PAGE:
Review | ‘Midsommar’ Director’s Cut Examines a True Splice of Life

Review | ‘Midsommar’ Director’s Cut Examines a True Splice of Life

If you haven’t already seen Ari Aster’s latest horror feast, you are in for a real treat. Consider this quote from Aster in The Atlantic

Don’t come to me for the movie with the most inventive kills. That’s not where my interests lie. At the same time, there’s a certain sort of joy to be had in making something where everyone knows where you’re going.

It’s a movie about love in spring bloom and falling quickly, if that is surprising to you. As for the Director’s Cut, less love and when that fall ends, it makes a loud thud.

Candidly, I would have gotten into this review a while ago, but I’ve been busy — personal stuff, school stuff, and just having a rather important birthday so I may have imbibed in some adult beverages … stuff.

I’m here now and fully engage however, so let’s dive in to the beautiful sunny hillside of Midsommar. In fact, the cut from the one and only Ari Aster. 

And no spoilers below, so you’re welcome. 

Don’t Go to the Sounds in the Barn


I’m opening up to you, strangers of the Internet. I’m opening up the same way Ari Aster does for all of us who saw Midsommar. I felt so vulnerable when I watched this movie. Yet, sitting there in the theater for the first time, I experienced a sense of self-actualization.

It’s like I was the only one in a theater full of people, almost as if Aster wrote this story specifically for me because he knew what I’ve been through. 

Midsommar almost made me feel “too many” feelings. Ari Aster loves grief, like he loves to make us feel his grief. The movie is set in Sweden during the summer where the sun never sets. It violently reflects off every surface throughout the movie. We are treated to lovely vistas of beautiful flowers, bright colors, and soft embracing white lace and ribbons — and still, you feel uncomfortable. It is all too perfect to be real, which explains the extensive use of psychoactive drugs throughout the film.

We meet a couple who goes on a vacation with some friends from school. Well actually, Christian (Jack Reynor) is planning on dumping his girlfriend Dani (Florence Pugh), but then traumatic events cause Christian to feel guilty and decide to not break up with Dani in her time of need. (Classy, isn’t he?) 

Dani walks in the room while Christian and his buddies talking about their summer guys’ trip to Sweden. (It was the one Christian when was supposed to be single.) Feeling guilty, the group takes Dani along with them on their anthropological summer journey to study their classmates pagan ritual for “Midsommar.”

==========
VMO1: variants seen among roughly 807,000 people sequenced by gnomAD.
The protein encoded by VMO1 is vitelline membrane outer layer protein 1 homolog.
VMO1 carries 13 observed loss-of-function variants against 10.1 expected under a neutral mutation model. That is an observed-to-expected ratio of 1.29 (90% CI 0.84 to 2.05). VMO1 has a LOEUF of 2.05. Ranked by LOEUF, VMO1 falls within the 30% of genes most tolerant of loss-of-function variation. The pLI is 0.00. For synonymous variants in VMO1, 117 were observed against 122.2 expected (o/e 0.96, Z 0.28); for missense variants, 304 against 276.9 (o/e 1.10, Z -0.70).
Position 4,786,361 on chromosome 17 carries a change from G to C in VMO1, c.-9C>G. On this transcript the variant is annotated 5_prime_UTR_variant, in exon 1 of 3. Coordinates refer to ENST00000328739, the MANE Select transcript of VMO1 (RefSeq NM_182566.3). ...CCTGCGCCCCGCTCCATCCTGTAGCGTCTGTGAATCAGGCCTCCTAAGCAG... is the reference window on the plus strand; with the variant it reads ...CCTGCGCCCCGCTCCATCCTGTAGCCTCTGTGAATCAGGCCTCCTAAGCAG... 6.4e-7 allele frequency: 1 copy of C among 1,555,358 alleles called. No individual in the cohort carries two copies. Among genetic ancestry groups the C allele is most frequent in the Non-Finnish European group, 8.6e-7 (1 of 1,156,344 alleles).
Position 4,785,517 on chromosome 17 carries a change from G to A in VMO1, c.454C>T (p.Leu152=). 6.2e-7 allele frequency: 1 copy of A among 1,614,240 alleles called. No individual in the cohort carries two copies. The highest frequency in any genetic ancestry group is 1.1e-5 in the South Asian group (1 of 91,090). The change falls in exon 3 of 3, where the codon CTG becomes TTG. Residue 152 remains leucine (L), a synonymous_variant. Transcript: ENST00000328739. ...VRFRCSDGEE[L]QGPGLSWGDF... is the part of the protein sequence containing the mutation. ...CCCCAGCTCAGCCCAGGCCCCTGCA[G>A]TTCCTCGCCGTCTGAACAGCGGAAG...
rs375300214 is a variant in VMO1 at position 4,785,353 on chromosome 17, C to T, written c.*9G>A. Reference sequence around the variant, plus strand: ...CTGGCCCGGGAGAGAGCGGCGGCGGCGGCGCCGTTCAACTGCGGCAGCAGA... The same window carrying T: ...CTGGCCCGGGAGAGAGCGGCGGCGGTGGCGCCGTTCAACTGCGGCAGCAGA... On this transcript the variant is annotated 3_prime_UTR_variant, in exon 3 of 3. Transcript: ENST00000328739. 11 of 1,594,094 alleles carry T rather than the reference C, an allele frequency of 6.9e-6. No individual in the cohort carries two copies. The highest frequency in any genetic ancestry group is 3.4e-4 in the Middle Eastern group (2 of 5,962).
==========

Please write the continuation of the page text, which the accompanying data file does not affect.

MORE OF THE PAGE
Once they arrive to the cult… eh, festival grounds, the cracks in Dani’s relationship begin to show and the true character of Christian comes to light, both with his friends and his relationship with Dani. 

The Struggle is Real

Yeah…this fucking guy

Having survived a few abusive relationships, I have started over and found myself a few times. The strength I feel when leaving the relationship is nothing compared to the peace I feel at home with myself as a person.


When you’re in an abusive or unhealthy relationship, you tend to feel like Play-Doh for what is necessary in that relationship. Other times, you are on the opposite side of that relationship and, although you never intended to hurt anyone, you are in over your head and need to find a way out.

(Just saying, a simple phone call to break up with someone is much easier than going to Sweden and joining a pagan-like ritual.) 

In Midsommar, we see both of those sides. Our protagonist Dani goes through growth, grief, pain, and finally, the peace and sense of belonging she desperately needed. We also see the inevitable degradation of Christian she thought she knew and loved.

If it seems like I’m getting personal, it is because this movie is personal.

This is a life we have all either witnessed or with which, we have been involved. Dani’s character does not really have a transformation but more of a coming-to-terms with what she already knew — something with which we can all relate.

In a troubling relationship, we put off our family members or neglect to check on our friends before it’s too late. One day, there will be a day that’s too late. When that day comes, those thoughts of guilt will eat away at you on a daily basis.

Until that day comes, as long as things continue to seem “fine,” there’s no reason to dwell, worry, or do anything about it. The movie also shows you the subconscious knowledge of discovery that — in this case — your boyfriend is a piece of shit. And then, you still hold on to him. You need some sort of semblance with normalcy to give you an ability to continue living.

You know without your one tiny strand of hope and that glimpse of the life that you once had. Without that hope, you would crumble and fade into nothing.

Getting Off on the Wrong Foot

midsommar-1-1600x900-c-defaultHowever depressing those types of realizations may be, the climax of the film lies in the cathartic way Dani comes to terms with her trauma.

I do not want to give any spoilers on the differences in the movies, but I can say with certainty, I prefer the Director’s Cut and would watch three more hours of Dani’s evolution.

There are scenes only in the Director’s Cut that honestly, took the breath out of me. I witnessed the unison of women and the sharing of sorrow. Midsommar is haunting, unsettling, and one of my new favorite movies. Midsommar releases digitally on September 24 and October 8 from Lionsgate on Blu-Ray and DVD.

Keep up with me on Twitter via @asthmatichoe to get the latest updates on other movies I watch and books I’m reading as well.

All Images Courtesy: B-Reel Films/Square Peg/A24

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